I can’t forget to add...I was in track during Junior high and high school our coach was DiAnn L'Roy, and I was a cheerleader and I was in many Chelsea musicals( helmed by the multi talented  DiAnn LRoy)for many years. I had a crush on my husband during those musicals. He never knew that until years later.

We married , lived in NYC, and after our first child was born in 84, we decided to raise our family in Chelsea. We moved back to town in ‘86.

We loved our upbringing. So 3 kids and grandkids, Chelsea is still our home.

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Staffan Family Rocking Horse, c. 1900
By Diane Borton Alexander

Stephanie (Sis) Wagner Kanten said that her great-grandfather (Frank Staffan - carpenter/undertaker) made the rocking horse. I believe it came from her mother who was Katie Staffan Wagner.  I was fortunate to get it and keep it in the Chelsea family by donating it to the Chelsea Historical Museum. I've had it since Sis passed away in 2010, keeping her memory close for Joanne Staffan Ingles and me.

Frank Staffan Bio

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The Iconic Cavanaugh Lake Steamer
By Jan Bernath

 

Part of the mythology of Chelsea includes the boat that my father, Lewie Bernath, built for Lloyd Heydlauff in 1940. Here is a picture I took of him many years later when he was in his 80s.

 

The story goes that there was a line of cars back towards town to see if it is would float.  Obviously, it did!

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Caroline "Carrie" Vogel

 

Mike Maroney is the historian for his family - THE PLIENINGEN VOGELS. Originally compiled in January 1958 by Karl Vogel, additional notes were made by Paul Maroney in the 1970-80s, by Dan Maroney in the 1990s-2000s, and by Mike Maroney in the 2020s. Here's one tiny snippet of the family's wonderfully complex and thorough compilation! Thanks to Mike Maroney for sharing!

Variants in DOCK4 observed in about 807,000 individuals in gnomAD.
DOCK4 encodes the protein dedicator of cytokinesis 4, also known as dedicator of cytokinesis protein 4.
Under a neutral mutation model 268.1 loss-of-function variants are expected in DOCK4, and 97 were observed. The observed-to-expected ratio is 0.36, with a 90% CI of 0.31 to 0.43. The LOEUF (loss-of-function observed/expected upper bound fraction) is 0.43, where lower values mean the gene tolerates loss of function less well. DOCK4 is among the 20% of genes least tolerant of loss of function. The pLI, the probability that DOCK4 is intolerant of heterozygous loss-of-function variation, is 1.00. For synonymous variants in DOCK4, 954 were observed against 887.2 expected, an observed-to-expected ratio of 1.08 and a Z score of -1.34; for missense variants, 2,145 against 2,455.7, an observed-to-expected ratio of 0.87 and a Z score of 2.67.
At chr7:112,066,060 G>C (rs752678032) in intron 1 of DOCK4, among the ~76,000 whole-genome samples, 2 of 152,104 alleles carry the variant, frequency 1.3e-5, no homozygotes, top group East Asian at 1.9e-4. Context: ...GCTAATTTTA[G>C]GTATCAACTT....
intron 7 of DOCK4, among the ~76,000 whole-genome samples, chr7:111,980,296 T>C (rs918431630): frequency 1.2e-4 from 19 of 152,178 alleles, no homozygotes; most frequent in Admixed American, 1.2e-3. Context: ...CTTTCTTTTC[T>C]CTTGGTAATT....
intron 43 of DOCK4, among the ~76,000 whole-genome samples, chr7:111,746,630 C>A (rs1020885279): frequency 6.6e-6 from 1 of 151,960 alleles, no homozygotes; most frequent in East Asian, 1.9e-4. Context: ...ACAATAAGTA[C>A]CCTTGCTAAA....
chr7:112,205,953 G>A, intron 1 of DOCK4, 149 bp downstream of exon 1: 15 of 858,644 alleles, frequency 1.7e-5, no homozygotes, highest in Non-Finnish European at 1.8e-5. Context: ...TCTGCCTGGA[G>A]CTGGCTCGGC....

CAROLINA “CARRIE” VOGEL, the second child of Israel Vogel was born September 25,1867 and died in 1941. She married Clarence Maroney in 189l. Her entire life was spent in Chelsea, Michigan, and she is buried there in The Oak Grove Cemetery. "Carrie" Vogel, as she was known to all her friends, was unquestionably the village belle during her girlhood days and she had all that was needed to win the title. She was a beautiful girl, wonderfully proportioned, vivacious, active, possessed of boundless health and energy, full of fun, and of a friendly and cooperative nature except in the morning.

Before her marriage in 1891 she was a popular and efficient saleslady in George Kempf's Dry Goods Store on North Main Street in Chelsea. After her marriage, she lived the rest of her life in what had been the Davidson home at the corner of Railroad and McKinley Streets in Chelsea, one of the oldest houses in town that Clarence remodeled by the addition of a large porch, a number of large plate glass windows, and other alterations making it into a large and attractive, comfortable home that occupied a large corner lot.

Carrie was a great lover of flowers, and her large and well-tended garden contained many well grown varieties, including a host of many different oriental poppies, all lovely. She was a talented mimic, and in later life she delighted in dressing up and impersonating many characters to the delight of the children, my own included, whenever they visited her.

She was a member of the Eastern Star, in which organization she held many offices down through the years. She was an early member of the Cythererians, a ladies group that included all of the first ladies of the village in its membership; and she and the members of her family were lifelong members of the Congregational Church.

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John Strahle - Civil War Vet

By Shawn Personke

 

It's so interesting to find out who lived in your house throughout the decades. Our research found that John Strahle - the longest living Civil War vet - lived in our house for over 10 years, purchasing it from the Kantlehner family, who originally built it  around 1910. Strahle and his daughter Carrie moved here after his wife Sophie died,  John died in 1929. Since he died at the start of the depression, we surmised that the house ownership/occupation was in limbo for a couple of years until it was bought by the Groves, who started the "5 &10" in downtown Chelsea. We often imagined  them walking uptown to open their store, or do some other business.  These stories are just one of the many that can be found in the digitized "Chelsea Standard" archives housed by the Chelsea District Library.  

 

Photo: A vintage postcard  - looking south on South Main, from about where Cottage Inn now operates.